Armenian Applied Arts
Armenian applied arts developed through the centuries as local artisans absorbed the practices of conquering civilizations, using their newly acquired skills to create vibrant mosaics of artwork. Armenian potters, jewelers and weavers passed on their skills to their descendants, and today Armenian handicrafts spoil with their elaborate designs and rich colors.
The history of Armenian culture can be traced back to the region’s earliest civilizations. Pottery making was widespread in Armenia by the 6th century BC, while jewelry was being crafted by the Bronze Age, if not earlier. The History Museum of Armenia and the Museum of Ethnography, both in Yerevan, are great places to discover many such early findings for yourself.
While Armenia’s earthenware and jewelry are impressive, the true pinnacle of Armenian applied arts is carpet weaving. The oldest extant carpet unearthed in the region is a 13th-century carpet found in the village of Banants, although many researchers consider a 5th-century BC Pazyryk carpet which was excavated from a frozen tomb in Siberia to also be of Armenian origin.
Carpets in Armenia were used to overlay floors, walls and furniture and were an essential element in every home. Although diverse in colors and motifs, Armenian carpets contained common elements: depictions of eagles and dragons were common, and when weaving the rugs a strict set of rules would be observed by Armenian women, who regarded their handmade carpets as family heirlooms. Armenian carpets became renowned even among foreigners who visited the area, and both the Arab geographer Al-Masudi and Marco Polo praised the rugs for their unique colors and fine quality. Florentine merchants even imported them to Florence via the Armenian cities of Ayas and Sis.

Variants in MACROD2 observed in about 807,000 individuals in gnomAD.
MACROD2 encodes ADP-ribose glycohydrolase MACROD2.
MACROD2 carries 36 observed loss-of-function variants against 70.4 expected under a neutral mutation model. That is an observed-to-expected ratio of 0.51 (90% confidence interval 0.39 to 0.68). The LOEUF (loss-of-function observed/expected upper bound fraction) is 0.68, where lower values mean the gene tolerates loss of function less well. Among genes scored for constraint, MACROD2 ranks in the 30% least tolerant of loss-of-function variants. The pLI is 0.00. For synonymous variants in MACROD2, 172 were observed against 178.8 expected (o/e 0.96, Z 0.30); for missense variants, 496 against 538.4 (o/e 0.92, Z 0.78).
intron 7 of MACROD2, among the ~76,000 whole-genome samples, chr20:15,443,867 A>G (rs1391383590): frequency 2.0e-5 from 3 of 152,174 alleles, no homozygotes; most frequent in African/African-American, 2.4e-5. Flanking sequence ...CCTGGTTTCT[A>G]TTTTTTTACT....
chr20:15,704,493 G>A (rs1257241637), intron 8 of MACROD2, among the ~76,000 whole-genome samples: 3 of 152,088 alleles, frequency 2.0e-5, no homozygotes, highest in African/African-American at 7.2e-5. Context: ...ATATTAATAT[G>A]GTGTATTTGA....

Carpet weaving in Armenia remains a thriving sector of Armenian applied arts even to this day. Despite the shift from a homespun practice to mass production, many artisans still weave their rugs according to traditional techniques. Carpets can be purchased at local markets and stores in Yerevan, while the art of carpet weaving can be viewed firsthand in places such as Megerian Carpet Factory.